Case Report – RAM preservation order affirmed

1 Sep

On August 24th, the United States District Court for the Central District of California affirmed a magistrate’s order that required the defendant in a copyright infringement action to preserve and produce data stored temporarily in a computer’s Random Access Memory or “RAM.”

The defendant operates a website that allows users to download files that are used to search and download video files. It did not log individuals’ IP addresses or instruct its third-party service provider to log IP addresses but these addresses, which can be used to identify users, were stored temporarily in RAM. The plaintiffs sued the defendant for contributing to and inducing copyright infringement and requested production of IP address logs.

In May, a magistrate ordered the defendant to start logging IP addresses and to routinely produce them in masked form and in a manner that would allow the plaintiffs to identify the regular users of the defendant’s service. In affirming the magistrate’s award, the Court simply reasoned that data stored in RAM is “stored” within the meaning of the United States Federal Rules of Civil Procedure. On the burden of preserving data from RAM, it made this somewhat comforting yet non-committal statement:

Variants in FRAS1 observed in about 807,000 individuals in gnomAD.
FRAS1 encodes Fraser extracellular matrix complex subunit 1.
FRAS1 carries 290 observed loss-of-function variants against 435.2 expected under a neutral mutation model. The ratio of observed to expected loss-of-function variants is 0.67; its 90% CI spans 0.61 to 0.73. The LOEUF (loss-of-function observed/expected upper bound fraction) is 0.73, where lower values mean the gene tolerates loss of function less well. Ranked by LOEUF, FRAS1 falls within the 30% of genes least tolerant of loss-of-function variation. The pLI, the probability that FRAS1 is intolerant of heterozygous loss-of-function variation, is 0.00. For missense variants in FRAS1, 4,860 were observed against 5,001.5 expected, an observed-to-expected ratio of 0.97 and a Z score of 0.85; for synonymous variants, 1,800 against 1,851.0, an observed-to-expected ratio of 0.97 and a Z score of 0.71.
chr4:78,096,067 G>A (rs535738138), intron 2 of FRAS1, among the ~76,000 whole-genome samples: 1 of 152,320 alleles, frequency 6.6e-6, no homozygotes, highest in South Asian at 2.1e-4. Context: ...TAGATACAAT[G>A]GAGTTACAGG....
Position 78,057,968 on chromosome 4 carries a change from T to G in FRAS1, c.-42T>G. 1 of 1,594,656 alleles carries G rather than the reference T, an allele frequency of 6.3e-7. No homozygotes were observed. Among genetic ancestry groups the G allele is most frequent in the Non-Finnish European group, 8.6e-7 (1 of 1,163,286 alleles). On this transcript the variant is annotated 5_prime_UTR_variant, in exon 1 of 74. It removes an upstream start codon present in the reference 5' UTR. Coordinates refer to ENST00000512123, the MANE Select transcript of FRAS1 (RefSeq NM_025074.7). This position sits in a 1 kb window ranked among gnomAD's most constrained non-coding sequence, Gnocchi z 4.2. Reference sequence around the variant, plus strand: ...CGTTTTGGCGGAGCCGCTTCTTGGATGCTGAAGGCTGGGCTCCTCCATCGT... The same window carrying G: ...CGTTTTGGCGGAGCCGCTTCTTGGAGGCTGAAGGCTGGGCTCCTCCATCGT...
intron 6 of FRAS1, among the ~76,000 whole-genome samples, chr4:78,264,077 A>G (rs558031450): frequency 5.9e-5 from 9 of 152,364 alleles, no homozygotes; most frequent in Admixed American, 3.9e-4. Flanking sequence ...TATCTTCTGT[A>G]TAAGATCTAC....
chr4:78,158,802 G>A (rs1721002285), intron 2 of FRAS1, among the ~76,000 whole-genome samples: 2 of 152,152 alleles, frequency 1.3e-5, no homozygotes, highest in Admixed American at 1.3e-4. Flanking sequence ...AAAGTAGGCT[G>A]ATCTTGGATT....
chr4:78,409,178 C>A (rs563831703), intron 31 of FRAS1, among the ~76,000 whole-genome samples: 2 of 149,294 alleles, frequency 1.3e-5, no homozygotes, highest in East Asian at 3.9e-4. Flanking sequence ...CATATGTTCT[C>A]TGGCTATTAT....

In response to amici’s concerns over the potentially devastating impact of this decision on the record-keeping obligations of businesses and individuals, the Court notes that this decision does not impose an additional burden on any website operator or party outside of this case. It simply requires that the defendants in this case, as part of this litigation, after the issuance of a court order, and following a careful evaluation of the burden to these defendants of preserving and producing the specific information requested in light of its relevance and the lack of other available means to obtain it, begin preserving and subsequently produce a particular subset of the data in RAM under Defendants’ control.

The Court also rejected a number of the defendant’s arguments related to its users’ privacy.

Columbia Pictures Industries Inc. v. Bunnel (24 August 2007, Dist. Ct. California).

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